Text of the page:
From my standpoint, differential pricing based on institution type or
client size is probably a fact of life we should all accept. I think the
thing that has rankled me over the years is the confusion (sometimes
deliberately promulgated by sellers) between pricing based on institution
type/size and pricing based on type of use. The tendency of video vendors
to interchangeably talk about "performance rights" and "institutional use"
is what continues to drive me nuts. The bottom line: charging higher
prices to institutions across the board (say, academic institutions) based
on the seller's assessment of market values, market shares, etc. seems
reasonable (although we buyers DO grumble about this); implying or
explicitly indicating that higher prices are tied up with performance
rights or other use rights is more often than not bull.... In my case ALL
uses of materials in my collection are fair use: either on site viewing or
use in face-to-face teaching. It pisses me off mightily being told I need
performance rights; I don't.
As for digital rights/licensing...Show me the digital and content and we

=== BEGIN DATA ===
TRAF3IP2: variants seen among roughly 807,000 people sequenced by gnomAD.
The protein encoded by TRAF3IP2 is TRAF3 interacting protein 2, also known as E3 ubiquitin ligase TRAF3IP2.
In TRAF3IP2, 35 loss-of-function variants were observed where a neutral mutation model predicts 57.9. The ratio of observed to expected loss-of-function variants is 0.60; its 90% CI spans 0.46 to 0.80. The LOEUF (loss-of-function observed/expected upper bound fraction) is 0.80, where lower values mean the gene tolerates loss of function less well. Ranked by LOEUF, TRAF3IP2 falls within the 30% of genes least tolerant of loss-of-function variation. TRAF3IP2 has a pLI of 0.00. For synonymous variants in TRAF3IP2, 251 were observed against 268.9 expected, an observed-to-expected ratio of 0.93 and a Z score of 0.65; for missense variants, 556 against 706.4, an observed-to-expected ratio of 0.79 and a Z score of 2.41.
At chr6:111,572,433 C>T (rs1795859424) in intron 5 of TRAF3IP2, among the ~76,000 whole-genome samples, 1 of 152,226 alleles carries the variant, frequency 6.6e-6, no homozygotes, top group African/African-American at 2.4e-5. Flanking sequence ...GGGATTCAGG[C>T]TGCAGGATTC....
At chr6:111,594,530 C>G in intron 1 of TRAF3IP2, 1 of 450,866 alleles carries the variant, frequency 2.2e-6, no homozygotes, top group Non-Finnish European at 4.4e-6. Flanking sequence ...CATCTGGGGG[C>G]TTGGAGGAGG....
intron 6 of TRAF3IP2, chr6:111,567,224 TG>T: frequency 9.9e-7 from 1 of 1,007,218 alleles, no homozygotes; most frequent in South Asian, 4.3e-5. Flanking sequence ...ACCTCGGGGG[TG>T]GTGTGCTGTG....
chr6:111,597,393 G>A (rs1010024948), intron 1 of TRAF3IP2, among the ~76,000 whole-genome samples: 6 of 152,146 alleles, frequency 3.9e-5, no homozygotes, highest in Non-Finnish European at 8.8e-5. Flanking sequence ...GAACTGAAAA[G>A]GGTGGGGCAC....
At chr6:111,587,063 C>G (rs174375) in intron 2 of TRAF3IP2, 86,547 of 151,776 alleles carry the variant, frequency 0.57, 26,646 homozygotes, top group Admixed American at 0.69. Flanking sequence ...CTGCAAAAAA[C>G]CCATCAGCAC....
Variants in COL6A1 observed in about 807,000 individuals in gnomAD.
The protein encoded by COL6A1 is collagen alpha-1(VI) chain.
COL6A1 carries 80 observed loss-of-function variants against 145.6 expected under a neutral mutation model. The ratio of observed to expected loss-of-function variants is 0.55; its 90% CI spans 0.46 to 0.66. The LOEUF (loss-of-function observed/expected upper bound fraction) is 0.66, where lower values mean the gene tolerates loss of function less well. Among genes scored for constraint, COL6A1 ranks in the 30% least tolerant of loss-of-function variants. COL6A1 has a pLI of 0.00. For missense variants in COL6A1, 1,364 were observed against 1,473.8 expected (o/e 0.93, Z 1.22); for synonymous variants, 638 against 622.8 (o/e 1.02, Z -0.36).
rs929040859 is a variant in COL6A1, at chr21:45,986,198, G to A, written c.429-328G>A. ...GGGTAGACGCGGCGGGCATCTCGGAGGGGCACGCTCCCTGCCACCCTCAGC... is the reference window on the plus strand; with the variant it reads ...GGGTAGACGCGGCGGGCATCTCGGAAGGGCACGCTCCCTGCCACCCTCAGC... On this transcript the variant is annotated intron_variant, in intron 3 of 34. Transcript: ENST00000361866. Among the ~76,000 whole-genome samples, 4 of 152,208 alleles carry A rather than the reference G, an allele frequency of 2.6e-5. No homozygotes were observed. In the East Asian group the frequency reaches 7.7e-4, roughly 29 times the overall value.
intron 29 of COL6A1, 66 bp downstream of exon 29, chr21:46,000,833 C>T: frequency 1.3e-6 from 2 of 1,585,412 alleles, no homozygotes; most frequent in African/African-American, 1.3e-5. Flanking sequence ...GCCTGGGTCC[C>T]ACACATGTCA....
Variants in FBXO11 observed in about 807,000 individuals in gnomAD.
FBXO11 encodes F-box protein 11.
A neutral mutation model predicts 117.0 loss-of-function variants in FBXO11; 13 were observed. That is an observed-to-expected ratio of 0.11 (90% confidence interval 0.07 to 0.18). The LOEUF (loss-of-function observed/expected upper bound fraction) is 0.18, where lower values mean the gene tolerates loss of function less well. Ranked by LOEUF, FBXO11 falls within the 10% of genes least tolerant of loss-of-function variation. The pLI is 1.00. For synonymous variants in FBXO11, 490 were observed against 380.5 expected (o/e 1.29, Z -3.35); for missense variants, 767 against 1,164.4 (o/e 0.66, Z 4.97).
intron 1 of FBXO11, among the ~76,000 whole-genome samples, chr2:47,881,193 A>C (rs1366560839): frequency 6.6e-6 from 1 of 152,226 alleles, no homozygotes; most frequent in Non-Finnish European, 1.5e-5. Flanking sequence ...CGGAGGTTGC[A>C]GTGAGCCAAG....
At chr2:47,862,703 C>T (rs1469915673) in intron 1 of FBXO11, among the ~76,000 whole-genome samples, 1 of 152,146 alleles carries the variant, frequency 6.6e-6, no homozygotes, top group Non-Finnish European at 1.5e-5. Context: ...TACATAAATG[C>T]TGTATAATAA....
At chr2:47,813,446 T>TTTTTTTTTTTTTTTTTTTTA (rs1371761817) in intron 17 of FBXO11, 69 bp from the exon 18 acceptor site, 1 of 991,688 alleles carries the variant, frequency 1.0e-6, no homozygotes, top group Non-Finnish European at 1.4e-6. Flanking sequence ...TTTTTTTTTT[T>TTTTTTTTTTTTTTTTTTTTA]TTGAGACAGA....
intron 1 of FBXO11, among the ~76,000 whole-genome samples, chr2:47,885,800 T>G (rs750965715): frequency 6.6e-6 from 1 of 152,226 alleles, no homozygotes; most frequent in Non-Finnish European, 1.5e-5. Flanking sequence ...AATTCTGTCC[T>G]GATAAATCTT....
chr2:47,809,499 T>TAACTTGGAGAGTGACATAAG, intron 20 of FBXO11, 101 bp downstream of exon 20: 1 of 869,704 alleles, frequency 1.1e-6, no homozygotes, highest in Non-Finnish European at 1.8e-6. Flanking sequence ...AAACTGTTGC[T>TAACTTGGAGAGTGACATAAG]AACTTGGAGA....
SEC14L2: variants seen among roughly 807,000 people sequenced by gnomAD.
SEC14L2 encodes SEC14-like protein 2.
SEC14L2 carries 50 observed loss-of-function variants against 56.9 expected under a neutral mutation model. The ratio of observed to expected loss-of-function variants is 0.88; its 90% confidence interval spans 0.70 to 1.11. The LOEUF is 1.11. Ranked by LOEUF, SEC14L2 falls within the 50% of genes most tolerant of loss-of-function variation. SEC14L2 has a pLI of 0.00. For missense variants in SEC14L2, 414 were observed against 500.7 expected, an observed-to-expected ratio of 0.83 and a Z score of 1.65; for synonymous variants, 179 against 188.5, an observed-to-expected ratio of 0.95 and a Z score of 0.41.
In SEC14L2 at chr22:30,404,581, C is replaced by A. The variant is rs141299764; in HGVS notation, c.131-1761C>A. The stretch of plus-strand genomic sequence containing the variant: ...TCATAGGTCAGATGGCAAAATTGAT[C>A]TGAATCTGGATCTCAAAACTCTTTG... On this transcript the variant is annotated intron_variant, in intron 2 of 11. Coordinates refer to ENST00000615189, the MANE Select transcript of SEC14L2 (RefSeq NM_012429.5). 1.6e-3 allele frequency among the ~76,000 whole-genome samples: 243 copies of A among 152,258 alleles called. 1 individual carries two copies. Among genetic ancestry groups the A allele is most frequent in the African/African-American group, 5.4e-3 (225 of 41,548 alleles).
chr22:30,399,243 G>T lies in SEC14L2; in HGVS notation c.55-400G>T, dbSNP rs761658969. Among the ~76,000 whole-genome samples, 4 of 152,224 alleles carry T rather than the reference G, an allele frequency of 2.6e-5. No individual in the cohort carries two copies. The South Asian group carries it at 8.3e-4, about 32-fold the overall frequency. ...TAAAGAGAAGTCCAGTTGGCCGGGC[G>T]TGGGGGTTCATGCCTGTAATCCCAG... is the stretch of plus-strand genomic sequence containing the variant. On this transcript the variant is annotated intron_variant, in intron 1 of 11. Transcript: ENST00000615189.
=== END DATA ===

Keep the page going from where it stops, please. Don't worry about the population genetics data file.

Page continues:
can begin to talk pricing structure. It's hard to get lathered up about
this topic when, in fact, full-length, useable-resolution networked
video is a myth at the moment. When it happens, I think there will be a
number of models upon which to draw: per view; institutional per capita;
In any case, digital video licensing when it comes along is bound to be
substantially different than ejournal/etext licensing (such as Project
MUSE, which you cite in your note). Libraries have experience in dealing
with and budgeting for annual subscription, they have substantially less
experience in dealing with "per use" situations...
Kris B--you want to weigh in here?
Media Resources Center
UC Berkeley, CA 94720-6000